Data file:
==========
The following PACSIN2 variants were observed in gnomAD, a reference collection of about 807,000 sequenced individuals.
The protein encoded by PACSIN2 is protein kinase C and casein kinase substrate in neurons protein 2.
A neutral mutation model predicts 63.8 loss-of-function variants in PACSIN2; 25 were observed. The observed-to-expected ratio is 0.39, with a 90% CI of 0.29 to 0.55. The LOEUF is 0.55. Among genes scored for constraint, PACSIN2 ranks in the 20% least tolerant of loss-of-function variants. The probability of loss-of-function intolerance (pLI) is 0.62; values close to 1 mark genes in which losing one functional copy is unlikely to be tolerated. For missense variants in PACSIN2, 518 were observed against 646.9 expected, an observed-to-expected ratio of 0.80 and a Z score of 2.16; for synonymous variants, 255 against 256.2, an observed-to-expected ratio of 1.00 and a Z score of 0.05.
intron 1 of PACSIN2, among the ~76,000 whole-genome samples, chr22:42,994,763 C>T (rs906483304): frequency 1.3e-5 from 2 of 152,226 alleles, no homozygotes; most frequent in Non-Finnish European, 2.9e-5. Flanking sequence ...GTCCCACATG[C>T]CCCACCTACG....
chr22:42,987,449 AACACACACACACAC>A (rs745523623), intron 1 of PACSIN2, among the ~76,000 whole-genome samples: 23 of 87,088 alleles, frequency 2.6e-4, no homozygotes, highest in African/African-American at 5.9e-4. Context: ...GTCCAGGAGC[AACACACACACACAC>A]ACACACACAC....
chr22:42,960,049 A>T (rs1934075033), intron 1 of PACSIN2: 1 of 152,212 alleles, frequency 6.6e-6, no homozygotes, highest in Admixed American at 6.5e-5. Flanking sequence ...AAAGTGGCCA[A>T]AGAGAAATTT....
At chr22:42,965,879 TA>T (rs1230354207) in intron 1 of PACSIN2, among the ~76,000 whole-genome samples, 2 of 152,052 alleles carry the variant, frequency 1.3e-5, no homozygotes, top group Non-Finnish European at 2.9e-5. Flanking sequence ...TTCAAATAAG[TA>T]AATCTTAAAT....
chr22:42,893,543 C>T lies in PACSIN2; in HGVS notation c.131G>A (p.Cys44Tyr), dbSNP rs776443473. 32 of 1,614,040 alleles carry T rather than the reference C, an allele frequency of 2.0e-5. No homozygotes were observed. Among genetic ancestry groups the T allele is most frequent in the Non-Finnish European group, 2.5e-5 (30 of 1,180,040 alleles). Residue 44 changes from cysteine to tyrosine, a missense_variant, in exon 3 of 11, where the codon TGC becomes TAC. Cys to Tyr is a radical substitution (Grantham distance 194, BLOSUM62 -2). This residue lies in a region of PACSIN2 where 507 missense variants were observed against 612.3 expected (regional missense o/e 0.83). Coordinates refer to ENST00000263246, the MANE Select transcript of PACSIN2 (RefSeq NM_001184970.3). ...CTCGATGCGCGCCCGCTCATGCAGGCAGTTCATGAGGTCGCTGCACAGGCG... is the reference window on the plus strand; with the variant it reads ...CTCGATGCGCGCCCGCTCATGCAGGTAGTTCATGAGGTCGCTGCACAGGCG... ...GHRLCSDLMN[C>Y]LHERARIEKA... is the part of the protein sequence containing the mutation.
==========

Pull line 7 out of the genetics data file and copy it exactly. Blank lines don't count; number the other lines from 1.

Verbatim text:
At chr22:42,965,879 TA>T (rs1230354207) in intron 1 of PACSIN2, among the ~76,000 whole-genome samples, 2 of 152,052 alleles carry the variant, frequency 1.3e-5, no homozygotes, top group Non-Finnish European at 2.9e-5. Flanking sequence ...TTCAAATAAG[TA>T]AATCTTAAAT....